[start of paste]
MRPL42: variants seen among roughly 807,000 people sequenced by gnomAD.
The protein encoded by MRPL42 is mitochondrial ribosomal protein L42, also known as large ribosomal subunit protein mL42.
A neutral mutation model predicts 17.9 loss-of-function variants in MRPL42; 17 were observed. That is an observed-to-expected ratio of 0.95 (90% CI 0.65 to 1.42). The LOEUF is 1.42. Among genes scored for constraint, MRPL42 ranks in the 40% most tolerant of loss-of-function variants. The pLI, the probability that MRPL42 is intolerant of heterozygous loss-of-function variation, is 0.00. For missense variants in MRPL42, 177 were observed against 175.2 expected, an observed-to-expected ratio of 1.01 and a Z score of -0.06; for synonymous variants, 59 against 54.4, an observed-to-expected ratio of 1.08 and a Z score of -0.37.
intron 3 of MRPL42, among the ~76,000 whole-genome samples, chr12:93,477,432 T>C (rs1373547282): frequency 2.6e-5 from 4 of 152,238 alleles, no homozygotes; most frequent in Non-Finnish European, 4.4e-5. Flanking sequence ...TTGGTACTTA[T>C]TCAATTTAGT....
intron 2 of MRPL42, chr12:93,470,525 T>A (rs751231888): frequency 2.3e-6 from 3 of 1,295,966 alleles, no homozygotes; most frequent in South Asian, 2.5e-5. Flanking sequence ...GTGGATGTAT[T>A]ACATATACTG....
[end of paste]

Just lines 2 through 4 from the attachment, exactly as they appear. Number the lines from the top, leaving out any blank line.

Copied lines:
The protein encoded by MRPL42 is mitochondrial ribosomal protein L42, also known as large ribosomal subunit protein mL42.
A neutral mutation model predicts 17.9 loss-of-function variants in MRPL42; 17 were observed. That is an observed-to-expected ratio of 0.95 (90% CI 0.65 to 1.42). The LOEUF is 1.42. Among genes scored for constraint, MRPL42 ranks in the 40% most tolerant of loss-of-function variants. The pLI, the probability that MRPL42 is intolerant of heterozygous loss-of-function variation, is 0.00. For missense variants in MRPL42, 177 were observed against 175.2 expected, an observed-to-expected ratio of 1.01 and a Z score of -0.06; for synonymous variants, 59 against 54.4, an observed-to-expected ratio of 1.08 and a Z score of -0.37.
intron 3 of MRPL42, among the ~76,000 whole-genome samples, chr12:93,477,432 T>C (rs1373547282): frequency 2.6e-5 from 4 of 152,238 alleles, no homozygotes; most frequent in Non-Finnish European, 4.4e-5. Flanking sequence ...TTGGTACTTA[T>C]TCAATTTAGT....